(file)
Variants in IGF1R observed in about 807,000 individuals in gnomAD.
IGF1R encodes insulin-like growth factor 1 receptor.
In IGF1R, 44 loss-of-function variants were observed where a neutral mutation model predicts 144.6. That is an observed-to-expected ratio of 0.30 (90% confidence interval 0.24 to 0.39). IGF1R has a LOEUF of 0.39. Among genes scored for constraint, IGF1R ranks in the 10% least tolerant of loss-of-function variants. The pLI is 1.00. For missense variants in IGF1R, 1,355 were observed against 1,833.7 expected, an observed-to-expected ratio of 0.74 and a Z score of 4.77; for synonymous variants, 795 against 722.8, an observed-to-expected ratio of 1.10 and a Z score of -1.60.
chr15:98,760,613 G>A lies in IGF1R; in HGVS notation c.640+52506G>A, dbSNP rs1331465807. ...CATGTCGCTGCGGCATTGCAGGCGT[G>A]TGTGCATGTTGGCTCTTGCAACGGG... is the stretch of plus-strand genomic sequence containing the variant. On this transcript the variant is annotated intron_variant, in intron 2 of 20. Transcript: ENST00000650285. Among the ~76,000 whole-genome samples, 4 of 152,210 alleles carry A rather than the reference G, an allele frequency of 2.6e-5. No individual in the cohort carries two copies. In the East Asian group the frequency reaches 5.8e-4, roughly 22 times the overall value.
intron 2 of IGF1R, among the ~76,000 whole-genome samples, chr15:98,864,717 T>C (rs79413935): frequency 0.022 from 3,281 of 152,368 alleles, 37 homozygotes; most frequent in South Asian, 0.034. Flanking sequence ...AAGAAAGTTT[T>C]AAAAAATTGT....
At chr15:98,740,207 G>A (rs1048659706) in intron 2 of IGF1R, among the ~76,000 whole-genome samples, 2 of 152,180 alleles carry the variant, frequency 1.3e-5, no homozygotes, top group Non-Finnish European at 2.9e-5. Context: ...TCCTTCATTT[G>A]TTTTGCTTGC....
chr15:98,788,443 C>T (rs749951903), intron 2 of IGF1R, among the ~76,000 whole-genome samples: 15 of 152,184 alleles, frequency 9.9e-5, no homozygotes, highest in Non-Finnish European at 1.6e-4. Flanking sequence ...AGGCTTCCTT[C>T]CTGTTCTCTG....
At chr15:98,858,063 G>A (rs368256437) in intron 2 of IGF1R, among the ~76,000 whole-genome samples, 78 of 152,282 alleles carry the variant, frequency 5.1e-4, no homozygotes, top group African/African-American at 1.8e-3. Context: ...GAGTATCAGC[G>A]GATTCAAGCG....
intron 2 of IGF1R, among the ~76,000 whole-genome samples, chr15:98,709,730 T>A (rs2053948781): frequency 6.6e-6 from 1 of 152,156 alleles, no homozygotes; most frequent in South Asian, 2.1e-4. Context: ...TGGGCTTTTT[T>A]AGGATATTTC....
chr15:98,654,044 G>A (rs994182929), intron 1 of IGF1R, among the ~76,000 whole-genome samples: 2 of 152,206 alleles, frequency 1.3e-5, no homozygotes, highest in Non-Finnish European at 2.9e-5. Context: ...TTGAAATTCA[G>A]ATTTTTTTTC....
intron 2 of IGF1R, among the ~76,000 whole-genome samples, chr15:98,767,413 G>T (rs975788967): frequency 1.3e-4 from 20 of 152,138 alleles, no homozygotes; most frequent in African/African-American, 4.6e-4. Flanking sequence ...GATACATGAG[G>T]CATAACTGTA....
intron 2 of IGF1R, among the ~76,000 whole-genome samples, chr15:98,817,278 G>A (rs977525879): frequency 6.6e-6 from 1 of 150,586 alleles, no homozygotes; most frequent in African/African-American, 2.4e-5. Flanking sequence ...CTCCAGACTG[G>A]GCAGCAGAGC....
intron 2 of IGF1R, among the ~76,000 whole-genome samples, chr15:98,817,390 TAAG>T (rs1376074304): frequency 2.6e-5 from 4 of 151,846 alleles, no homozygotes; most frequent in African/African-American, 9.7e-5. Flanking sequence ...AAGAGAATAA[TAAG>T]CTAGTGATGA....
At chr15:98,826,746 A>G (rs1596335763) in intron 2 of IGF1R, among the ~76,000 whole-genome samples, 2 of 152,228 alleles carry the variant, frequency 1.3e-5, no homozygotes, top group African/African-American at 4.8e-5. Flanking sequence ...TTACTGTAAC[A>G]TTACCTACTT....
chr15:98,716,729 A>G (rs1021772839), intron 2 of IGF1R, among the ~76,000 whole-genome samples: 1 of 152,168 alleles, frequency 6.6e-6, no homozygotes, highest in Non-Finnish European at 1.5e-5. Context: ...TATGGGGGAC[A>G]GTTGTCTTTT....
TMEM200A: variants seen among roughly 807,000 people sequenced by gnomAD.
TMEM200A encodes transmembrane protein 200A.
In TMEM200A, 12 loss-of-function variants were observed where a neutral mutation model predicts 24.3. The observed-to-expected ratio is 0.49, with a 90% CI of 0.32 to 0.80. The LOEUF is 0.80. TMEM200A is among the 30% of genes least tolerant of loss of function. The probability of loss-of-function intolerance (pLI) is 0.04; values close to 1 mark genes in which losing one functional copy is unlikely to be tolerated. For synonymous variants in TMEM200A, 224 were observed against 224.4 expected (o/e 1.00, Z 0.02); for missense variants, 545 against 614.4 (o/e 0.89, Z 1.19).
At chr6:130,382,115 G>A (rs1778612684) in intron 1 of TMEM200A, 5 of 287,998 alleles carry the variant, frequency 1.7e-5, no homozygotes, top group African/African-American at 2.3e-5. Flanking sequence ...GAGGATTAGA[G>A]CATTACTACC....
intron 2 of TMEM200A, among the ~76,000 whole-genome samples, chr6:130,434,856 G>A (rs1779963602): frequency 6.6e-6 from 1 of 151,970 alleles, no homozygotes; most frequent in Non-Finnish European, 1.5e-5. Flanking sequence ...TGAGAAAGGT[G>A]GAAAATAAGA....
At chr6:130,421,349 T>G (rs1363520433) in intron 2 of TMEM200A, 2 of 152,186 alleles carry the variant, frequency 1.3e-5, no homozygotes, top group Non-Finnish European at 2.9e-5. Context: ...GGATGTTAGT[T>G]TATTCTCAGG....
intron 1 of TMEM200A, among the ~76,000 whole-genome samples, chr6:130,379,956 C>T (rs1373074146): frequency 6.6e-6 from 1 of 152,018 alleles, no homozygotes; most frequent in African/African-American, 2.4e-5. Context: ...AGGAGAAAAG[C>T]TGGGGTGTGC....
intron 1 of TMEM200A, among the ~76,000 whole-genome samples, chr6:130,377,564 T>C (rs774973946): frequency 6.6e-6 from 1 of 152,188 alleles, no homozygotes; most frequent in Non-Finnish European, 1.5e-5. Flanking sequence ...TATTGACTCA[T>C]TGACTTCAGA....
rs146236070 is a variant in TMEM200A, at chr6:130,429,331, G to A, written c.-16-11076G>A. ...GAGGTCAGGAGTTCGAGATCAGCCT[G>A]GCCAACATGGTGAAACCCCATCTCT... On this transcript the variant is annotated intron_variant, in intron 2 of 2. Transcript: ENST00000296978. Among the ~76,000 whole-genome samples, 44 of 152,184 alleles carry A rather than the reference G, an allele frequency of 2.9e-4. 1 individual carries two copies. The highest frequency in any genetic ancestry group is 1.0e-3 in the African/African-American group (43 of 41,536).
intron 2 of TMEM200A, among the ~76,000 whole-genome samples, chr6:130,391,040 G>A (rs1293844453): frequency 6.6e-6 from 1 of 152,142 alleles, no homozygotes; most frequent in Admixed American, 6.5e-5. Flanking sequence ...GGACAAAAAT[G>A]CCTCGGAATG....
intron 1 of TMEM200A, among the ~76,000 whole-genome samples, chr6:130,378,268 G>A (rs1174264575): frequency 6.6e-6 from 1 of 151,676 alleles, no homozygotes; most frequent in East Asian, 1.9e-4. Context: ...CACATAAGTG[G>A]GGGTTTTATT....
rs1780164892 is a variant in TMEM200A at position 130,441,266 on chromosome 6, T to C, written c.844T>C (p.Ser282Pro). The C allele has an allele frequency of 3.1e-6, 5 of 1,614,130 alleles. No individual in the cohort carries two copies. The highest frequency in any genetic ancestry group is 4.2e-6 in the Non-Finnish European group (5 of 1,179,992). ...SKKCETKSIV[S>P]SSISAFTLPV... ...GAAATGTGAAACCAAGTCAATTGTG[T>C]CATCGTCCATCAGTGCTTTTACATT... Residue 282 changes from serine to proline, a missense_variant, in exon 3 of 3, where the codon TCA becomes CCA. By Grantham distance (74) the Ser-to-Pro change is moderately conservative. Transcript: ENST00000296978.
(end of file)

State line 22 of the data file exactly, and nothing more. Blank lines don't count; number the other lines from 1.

intron 1 of TMEM200A, among the ~76,000 whole-genome samples, chr6:130,379,956 C>T (rs1373074146): frequency 6.6e-6 from 1 of 152,018 alleles, no homozygotes; most frequent in African/African-American, 2.4e-5. Context: ...AGGAGAAAAG[C>T]TGGGGTGTGC....